Unhidden treasure: Rock Hill estate gardens revealed
The gardens of Rock Hill, a historic Park Street estate that's now the overgrown back yard of MACAA, the Monticello Area Community Action Agency, are getting a makeover thanks to some community activists.
Event host Sabrina Youry convened teams of volunteers on Sunday, October 10 to remove deadfall and debris from what she calls a "magnificent but neglected" eight-acre space. It was all part of a worldwide set of events conducted on 10/10/10 and said to consist of over 7,000 projects in 183 countries–- a “global work party” to fight global warming.
"What better way to bring appreciation/awareness/reverence for the environment than to offer the community a beautiful, accessible green sanctuary," Youry said in an email before the event. Afterward, Youry described the turnout as "great," with over 20 people showing up to lend a hand.
However, restoring the Rock Hill gardens has been on the radar of local preservationists for some time, especially after it was discovered in 2008 that the historic landscape would be affected by the interchange for the Route 250 Bypass and the future Meadowcreek Parkway (part of which opened Tuesday, October 12 as a temporary Rio Road construction detour).
Pedestrian and bicycle access into McIntire Park has been designed to pass through the intersection, but preservation activists argued that the Rock Hill gardens should have been studied as a place that would provide such access to McIntire Park.
Indeed, former City Council candidate Bob Fenwick has been organizing efforts to restore the gardens nearly every Sunday since July, and has provided updates on the progress on his website cvillecitizen.com.
In the 1960s, the property’s cluster of nondescript buildings fronting Park Street served as a segregation-era school called Rock Hill Academy. Before that, Rock Hill was a private estate whose main house has been demolished but whose extensive gardens comprise vast stone terraces recently gaining visibility from the U.S. 250 Bypass as the result of the clean-up.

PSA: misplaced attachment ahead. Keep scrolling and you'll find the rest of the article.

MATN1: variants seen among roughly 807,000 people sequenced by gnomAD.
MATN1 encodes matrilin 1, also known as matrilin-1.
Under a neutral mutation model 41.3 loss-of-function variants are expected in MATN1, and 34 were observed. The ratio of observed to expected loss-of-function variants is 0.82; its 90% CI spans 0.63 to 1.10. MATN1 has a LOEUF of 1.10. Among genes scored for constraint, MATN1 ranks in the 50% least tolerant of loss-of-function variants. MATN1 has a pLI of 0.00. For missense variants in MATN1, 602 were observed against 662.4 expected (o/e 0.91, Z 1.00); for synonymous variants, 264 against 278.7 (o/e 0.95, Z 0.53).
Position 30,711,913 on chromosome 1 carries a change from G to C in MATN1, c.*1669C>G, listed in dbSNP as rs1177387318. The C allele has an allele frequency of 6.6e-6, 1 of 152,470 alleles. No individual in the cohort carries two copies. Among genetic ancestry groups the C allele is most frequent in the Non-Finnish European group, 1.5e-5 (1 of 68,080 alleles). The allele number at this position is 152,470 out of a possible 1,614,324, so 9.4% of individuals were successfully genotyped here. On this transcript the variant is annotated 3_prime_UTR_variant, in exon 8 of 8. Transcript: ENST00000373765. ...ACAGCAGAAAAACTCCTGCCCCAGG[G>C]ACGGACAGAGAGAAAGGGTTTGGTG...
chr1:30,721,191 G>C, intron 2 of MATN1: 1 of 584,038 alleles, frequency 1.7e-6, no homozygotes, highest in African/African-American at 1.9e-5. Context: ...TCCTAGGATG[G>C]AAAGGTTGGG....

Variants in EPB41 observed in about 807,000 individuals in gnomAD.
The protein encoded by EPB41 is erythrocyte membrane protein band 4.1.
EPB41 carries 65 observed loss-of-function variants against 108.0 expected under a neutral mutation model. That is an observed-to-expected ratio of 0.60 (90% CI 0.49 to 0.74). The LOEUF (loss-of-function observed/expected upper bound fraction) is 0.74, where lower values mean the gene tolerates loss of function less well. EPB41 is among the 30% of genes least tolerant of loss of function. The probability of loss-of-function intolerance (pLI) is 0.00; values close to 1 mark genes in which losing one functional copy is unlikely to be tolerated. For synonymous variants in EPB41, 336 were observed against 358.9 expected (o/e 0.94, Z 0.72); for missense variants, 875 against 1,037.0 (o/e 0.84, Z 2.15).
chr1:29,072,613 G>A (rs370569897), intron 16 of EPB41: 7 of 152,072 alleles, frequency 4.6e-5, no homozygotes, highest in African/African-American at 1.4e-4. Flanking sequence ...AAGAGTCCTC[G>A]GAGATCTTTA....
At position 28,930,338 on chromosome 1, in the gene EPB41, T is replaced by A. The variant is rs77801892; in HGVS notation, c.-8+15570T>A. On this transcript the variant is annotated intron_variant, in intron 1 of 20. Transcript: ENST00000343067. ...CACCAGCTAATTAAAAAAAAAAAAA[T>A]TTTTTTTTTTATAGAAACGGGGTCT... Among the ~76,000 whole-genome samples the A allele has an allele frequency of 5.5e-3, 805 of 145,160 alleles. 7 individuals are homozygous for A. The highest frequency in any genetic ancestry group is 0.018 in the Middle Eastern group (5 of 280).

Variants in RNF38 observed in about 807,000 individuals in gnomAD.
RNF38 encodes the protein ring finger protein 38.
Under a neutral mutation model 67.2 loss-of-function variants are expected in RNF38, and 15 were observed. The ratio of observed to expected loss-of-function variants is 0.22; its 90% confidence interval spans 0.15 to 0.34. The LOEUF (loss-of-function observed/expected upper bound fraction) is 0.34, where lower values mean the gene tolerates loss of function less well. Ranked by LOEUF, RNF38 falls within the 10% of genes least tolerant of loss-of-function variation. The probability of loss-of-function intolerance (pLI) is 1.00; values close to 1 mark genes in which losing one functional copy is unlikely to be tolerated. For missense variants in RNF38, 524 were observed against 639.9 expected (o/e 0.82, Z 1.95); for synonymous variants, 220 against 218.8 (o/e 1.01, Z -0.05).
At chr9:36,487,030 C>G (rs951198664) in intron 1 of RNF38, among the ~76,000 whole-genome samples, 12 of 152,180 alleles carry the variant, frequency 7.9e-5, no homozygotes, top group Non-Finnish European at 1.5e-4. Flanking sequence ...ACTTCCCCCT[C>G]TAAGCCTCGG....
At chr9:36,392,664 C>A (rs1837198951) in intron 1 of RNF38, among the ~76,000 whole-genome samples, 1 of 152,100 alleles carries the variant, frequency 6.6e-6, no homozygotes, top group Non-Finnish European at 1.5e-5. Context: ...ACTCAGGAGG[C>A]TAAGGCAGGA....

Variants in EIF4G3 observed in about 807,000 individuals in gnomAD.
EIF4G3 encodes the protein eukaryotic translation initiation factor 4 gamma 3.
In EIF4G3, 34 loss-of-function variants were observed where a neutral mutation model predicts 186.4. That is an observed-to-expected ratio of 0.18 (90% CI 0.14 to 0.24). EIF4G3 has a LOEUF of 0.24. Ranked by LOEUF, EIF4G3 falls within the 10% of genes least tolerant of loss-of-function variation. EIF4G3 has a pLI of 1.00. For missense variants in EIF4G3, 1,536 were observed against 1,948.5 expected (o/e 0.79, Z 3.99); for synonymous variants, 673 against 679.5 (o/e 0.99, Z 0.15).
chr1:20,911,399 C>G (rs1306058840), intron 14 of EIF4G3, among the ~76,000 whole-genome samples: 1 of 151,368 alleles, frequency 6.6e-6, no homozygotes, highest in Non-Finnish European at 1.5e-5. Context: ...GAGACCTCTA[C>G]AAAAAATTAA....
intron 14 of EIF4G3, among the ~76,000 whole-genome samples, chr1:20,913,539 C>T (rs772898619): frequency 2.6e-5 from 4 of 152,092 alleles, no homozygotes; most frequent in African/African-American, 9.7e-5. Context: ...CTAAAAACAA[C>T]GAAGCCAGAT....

The garden was designed and built in the 1930s under the auspices of Reverend Henry Alford Porter, the minister of the Charlottesville's First Baptist Church (Park Street) before retiring in 1945, who purchased the mansion from architect Eugene Bradbury in the 1920s. Bradbury, who did not design the mansion, purchased it in 1909. It burned down in the 1960s while Rock Hill Academy was using it for classrooms. Porter's garden included a series of boxwood arrangements, a monumental series of stone garden terraces with stone stairs and walks, a stream section along Schenck's Branch, a small lake on the southern boundary, and a woodlands section with stone switchback trails.
"The Rock Hill garden is among the most complex residential garden landscapes in all of Charlottesville," says Daniel Bluestone, associate professor of architecture at the University of Virginia.
"I believe that this was Reverend Porter's private "public works" project that aimed to provide work for the unemployed during the 1930s," adds Bluestone. "The rock for the walls and the paths and the terraces was all quarried on the site."
For years, though, the gardens have been hidden by neglect and the resulting overgrowth, a site perhaps scorned since the creation of the whites-only Rock Hill Academy which opened as part of massive resistance to court ordered desegregation. From 1980 to 1987 the site was also the home of the Heritage Christian School.
"The irony is that Reverend Porter was a progressive on issues of race," says Bluestone, "preaching tolerance, inclusion, and integration between the races."
In fact, Bluestone says that in his will Porter left his estate to Virginia Union University to establish an endowment for the training of African-American Baptist ministers.
However, had Bob Fenwick and the volunteers not provided a clearer view of the gardens to drivers on 250, much of this history, along with the garden itself, might have remained hidden.
"They are showing the extraordinary spaces and the fine bones of the garden," says Bluestone.
Worried that the City and the FHWA, the Federal Highway Administration, might not follow through on an agreement, according to a May 2010 memorandium, to restore the garden and add it to the park system, Bluestone says the current effort to restore the gardens is, in part, a "provocation to make sure the city and the FHWA deliver on the commitment."
"The gardens are really impressive," says Bluestone, "now that you can see them."
Note: This post originally appeared in short form on October 9, but was expanded on October 11.